Scotland is likely one of the last places you’d expect to go on an exotic animal expedition. But from mid April through late September the Inner Hebrides play home to a dizzying celebration of the area’s ecosystem, with the Mull Week of Wildlife.
If you book the 7-day tour you’ll be treated to sights of the beguiling basking shark, porpoises and even majestic minke whales off the islands of Mull, Coll and Eigg. While the mighty marine life is unforgettable, seeing thousands of nesting puffins on the Treshnish Isles shouldn’t be underestimated. Captivating simply doesn’t cover this mesmerising event.
The Newton Stewart Walking Festival continues our celebration of Scottish outdoor events at a brisk pace in early May. Set over seven days and with 28 different walking routes, the ‘gateway to the Galloway Hills’ takes in both Munro-rivaling summits and a stunning wealth of scenery.
During the festival you’ll cover wonderful woodlands, pristine lochs and breathless coastal detours. So whether you’re looking to face the ‘Awful Hand’ - a daunting range of hills reaching heights of up to 2,766 ft - or simply want to take in the picturesque, waterfall-strewn scenery, this event is ideal for anyone who appreciates the outdoors.
Come to the Cairngorms
Situated in the humbling surrounds of the eastern Cairngorms National Park, the Ballater Royal Deeside Walking Festival is perhaps the most eclectic event of its kind in Scotland. Taking place in late May, the festival includes a range of easy, medium and strenuous walks. Whether travelling through beautiful birch woods during a gentle jaunt from Inver to Auchtavan or tackling the taxing ‘Streak of Lightning’ path on the Bachnagairn Circular, the Cairngorms’ vast glens can’t fail to inspire the imagination.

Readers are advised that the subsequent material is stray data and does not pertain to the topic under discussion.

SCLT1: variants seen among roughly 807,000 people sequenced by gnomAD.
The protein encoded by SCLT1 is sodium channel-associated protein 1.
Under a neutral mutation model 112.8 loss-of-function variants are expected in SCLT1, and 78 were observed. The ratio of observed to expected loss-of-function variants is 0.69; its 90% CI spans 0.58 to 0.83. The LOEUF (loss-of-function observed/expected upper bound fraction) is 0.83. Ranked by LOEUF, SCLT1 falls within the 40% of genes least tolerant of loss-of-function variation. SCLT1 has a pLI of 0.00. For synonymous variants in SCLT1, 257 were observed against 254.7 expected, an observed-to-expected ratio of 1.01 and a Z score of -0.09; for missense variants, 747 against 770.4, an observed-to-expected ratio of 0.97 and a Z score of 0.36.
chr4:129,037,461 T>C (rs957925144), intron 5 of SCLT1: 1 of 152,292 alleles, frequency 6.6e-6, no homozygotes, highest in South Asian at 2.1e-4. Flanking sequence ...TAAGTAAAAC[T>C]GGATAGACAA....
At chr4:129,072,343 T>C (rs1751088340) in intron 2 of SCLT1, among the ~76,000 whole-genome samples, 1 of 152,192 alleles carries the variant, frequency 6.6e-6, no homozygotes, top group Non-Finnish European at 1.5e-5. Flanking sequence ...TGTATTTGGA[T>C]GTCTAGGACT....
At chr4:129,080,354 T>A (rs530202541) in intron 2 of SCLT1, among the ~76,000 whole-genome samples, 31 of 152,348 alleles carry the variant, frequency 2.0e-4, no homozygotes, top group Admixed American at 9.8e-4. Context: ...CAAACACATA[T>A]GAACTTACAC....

To the southeast, discover the Scottish Six Day Trial. The world’s most challenging bike trial takes place every May in the Lochaber area, attracting over 270 of the globe’s best riders. The Trial remains a thrilling prospect for spectators, as competitors cover over 100 miles of rocky crevices and rugged moorland each day. The event even begins with a spectacular pipe band cavalcade through Fort William.
If you cherish your walking boots more than your car the Angus Glens Walking Festival is an essential event which takes place between late May and early June. Spanning both exquisite lowlands and enthralling mountainous regions, walkers can experience everything from seeing golden eagles in Glen Doll forest to spotting dolphins off the Red Sand Stone Cliffs.
While there are many sporting shows held throughout the Highlands, there is nothing to compare with The Games. The Braemar Gathering is held on the first Saturday in September and remains the most prestigious set of Highland Games. Not only is Her Majesty the Queen patron, but the Royal Family attends every year. From the InterServices Tug of War to the magisterial sounds of the Massed Pipe Bands, the Gathering is perhaps Scotland's definitive outdoor event.
Later in the autumn the Perthshire 'Big Tree Country’s' Enchanted Forest is home to one of the UK’s most utterly unique outdoor light shows. Recently celebrating its tenth anniversary, this audio visual feast regularly attracts over 25,000 people every October. Illuminating from the woodlands near Pitlochry, the award-winning festival provides sensational sights for the senses like no other event in Scotland.
The Mersehead Nature Reserve’s Goosey Ganders event also means October is a month to note for wildlife lovers. One of Scotland’s most idyllic reserves set on the shores of Solway, this intriguing tour gives visitors a guided walk to see the Svalbard Barnacle Geese. These creatures are one of the world’s most distinctive migratory waterbirds.
Witnessing whales languishing in the western waters of Mull. Seeing Her Majesty’s Forces battle it out in a relay race in Braemar. Taking in the exhilarating sights and sounds of a motorcross trial. Whatever your tastes, Scotland is the perfect destination for any outdoor enthusiast.